Recovering From a Bad Trade

Understanding the delicate balance between your level of comfort and uncertainty against a specified time period is the secret to any successful investment plan.

The balance between risk and reward will determine the type of investment strategy that you will take.

A more aggressive approach can be taken by those who start investing early on. This strategy seeks to beat the dollar inflation rate. Those who are investing later in life will follow a conservative approach to minimize the volatility of their portfolio.

Regardless of your risk and rewards profile, a good investment portfolio needs diversification. Even though this reduces volatility, no portfolio is protected against risk or loss.

Here are some wise steps to follow after suffering from a major loss or losing streak:

Admit Fault

Was your recent loss your largest? Is this your first major loss? If that is the case, make sure to own up to it. Losses happen to every trader regardless of the experience level.

Don’t just brush it away. Learn from your mistakes and don’t jump back in until you’ve reviewed the lesson.  Don’t just blame your loss on market volatility, study what happened.

Evaluating your actions objectively and assessing the results of those actions will allow you to make smarter trading decisions. Learn from it, despite the difficulty of trying to counter the effect of this failure.  Doing so can prevent small losses from turning into a huge drawdown.

Take a Break

Stop trading when a bad trade with significant effects happens.  We will immediately begin to use ego and emotions to negate our significant loss. When you are emotionally involved, finding a better trade will only lead to more losses.

Step away from the trading screen instead. Find out how your problems can be fixed. This can be a quick run around the block for some, a yoga class for others. Determine the best method for removing negative emotions from your atmosphere.

Stop trading for a couple of days. Alternatively, do paper trading until you are profitable again. Doing so may clear up any mental and emotional barriers left behind from the bad trade.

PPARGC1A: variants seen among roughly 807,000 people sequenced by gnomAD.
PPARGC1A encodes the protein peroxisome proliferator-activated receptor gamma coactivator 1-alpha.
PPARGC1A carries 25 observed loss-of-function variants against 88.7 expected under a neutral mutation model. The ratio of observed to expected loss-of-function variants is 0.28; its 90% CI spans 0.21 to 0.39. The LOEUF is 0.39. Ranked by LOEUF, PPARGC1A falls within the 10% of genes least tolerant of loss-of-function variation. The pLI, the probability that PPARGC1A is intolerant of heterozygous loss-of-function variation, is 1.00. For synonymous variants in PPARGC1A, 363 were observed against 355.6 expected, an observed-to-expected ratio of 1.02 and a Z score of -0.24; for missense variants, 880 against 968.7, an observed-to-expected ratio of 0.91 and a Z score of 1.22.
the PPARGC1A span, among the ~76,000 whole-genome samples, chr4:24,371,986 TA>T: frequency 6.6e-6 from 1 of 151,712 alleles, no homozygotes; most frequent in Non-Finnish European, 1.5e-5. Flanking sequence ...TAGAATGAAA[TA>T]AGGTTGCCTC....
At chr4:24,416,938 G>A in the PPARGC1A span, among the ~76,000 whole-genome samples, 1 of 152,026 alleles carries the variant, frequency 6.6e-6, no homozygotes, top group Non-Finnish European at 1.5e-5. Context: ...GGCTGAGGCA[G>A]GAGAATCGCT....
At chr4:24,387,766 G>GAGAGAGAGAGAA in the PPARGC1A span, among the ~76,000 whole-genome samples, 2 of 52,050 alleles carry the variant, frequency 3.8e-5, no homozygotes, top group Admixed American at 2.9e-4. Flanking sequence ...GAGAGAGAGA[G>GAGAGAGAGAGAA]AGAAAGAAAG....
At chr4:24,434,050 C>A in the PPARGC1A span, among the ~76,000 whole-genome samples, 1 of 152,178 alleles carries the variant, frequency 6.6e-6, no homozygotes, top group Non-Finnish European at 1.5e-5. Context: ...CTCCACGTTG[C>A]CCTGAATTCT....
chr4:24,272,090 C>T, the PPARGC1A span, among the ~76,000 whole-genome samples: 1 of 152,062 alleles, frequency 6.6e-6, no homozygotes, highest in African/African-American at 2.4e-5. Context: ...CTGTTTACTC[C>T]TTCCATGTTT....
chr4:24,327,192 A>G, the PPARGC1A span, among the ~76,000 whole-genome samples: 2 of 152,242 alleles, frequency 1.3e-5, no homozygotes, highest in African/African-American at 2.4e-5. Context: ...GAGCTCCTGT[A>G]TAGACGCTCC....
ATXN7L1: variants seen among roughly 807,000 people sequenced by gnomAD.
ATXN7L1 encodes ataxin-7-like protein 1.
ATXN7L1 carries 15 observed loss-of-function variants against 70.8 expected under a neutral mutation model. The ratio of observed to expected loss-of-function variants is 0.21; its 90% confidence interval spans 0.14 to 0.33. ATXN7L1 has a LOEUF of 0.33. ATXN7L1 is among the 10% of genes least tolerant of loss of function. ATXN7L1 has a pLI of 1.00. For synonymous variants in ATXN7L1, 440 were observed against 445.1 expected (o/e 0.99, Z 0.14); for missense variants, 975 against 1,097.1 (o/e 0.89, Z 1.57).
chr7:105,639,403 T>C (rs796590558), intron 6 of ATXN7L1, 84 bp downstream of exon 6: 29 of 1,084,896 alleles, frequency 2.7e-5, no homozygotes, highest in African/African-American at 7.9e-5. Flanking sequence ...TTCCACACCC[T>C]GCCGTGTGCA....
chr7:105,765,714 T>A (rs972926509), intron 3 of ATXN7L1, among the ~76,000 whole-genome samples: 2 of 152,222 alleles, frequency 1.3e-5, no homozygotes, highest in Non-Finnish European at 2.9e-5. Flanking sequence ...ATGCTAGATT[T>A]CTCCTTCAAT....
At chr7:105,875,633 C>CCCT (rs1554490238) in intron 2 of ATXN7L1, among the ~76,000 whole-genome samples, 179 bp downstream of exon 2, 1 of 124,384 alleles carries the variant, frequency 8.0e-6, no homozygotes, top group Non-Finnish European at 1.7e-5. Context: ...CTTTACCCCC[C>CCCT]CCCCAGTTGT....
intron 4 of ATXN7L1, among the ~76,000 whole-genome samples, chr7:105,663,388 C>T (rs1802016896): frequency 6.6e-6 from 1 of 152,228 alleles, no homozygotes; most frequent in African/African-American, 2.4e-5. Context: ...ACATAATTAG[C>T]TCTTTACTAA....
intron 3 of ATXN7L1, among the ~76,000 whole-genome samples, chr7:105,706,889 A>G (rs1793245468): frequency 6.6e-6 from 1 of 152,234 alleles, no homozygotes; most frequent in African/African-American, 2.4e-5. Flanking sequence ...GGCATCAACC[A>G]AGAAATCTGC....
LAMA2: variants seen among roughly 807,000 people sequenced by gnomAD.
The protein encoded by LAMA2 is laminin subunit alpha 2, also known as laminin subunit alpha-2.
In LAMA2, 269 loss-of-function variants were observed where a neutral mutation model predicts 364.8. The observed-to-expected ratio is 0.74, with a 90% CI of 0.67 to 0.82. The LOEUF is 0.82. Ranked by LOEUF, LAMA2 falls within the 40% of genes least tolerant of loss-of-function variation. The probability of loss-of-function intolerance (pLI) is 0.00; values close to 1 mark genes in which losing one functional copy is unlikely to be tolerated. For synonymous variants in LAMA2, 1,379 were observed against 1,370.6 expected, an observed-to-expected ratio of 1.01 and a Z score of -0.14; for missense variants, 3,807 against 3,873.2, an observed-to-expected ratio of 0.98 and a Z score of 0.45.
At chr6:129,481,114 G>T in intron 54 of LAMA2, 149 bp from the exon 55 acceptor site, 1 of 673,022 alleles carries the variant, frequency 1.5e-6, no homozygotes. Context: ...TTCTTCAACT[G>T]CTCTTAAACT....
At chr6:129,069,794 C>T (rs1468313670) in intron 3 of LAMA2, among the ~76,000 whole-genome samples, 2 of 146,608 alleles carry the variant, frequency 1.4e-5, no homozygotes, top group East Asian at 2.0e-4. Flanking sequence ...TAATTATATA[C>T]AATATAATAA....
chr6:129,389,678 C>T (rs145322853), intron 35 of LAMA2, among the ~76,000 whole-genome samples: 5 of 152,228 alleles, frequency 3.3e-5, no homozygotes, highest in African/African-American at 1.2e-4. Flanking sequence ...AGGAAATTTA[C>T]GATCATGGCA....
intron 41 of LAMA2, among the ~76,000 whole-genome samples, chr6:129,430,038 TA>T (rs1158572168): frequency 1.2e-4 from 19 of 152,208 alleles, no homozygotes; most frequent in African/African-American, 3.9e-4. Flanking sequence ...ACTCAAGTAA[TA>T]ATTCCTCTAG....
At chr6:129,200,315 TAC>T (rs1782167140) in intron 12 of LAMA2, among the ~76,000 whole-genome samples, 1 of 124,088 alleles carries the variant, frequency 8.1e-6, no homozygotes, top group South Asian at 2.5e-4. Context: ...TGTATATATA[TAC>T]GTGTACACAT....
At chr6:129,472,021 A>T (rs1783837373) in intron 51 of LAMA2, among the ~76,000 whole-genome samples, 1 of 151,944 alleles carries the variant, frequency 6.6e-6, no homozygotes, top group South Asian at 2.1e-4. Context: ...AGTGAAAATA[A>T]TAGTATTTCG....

Use the bad trade as motivation after you have cleared your negative emotions. Keep your position size small when you return to trading to prevent emotion from returning the next trade.

A disciplined measure is to get back to a trading performance similar to prior that of your bad trading day. After a bad loss, acquire safe steady gains and recreate a newly profitable investment strategy at a proper speed.

Make a Plan

Make a detailed action plan for future trades after finding your concentration and building your confidence.  Set limits in your detailed plan of action. Since most bad trades can be definable due to market activity, recognize the variables that can be measured. This can include technical patterns, fundamental events, or any dynamic price driver.

For instance, gold price increases when the stock market declines. In times of economic recession and inflation, many investors see precious metal trading as excellent insurance against the dollar’s weakness.

Your new trading plan should benefit as a result of your bad trade.

Recognize The Context

Experienced traders know that losses are part of the routine in a market. Inexperienced traders, however, may trade because of the humiliation and the emotion of a bad prior trade.

Keeping this loss in perspective is essential. Recall that this is simply a bad trade, in a risky market. Moments like this are critical for self-reflection. Bad trades should remind you of the many-other successes you have had along the way through the volatile market.

There is a lesson in financial losses, much like other aspects of daily life. Your bad trade may just be the loss-lesson you need to hone your trading strategy.

Without risk, there is no trade. Quantifiable key market actions determine the outcome of a trade. Despite this, there will be a loss. It is how you learn from this failure and improve that decides your performance.

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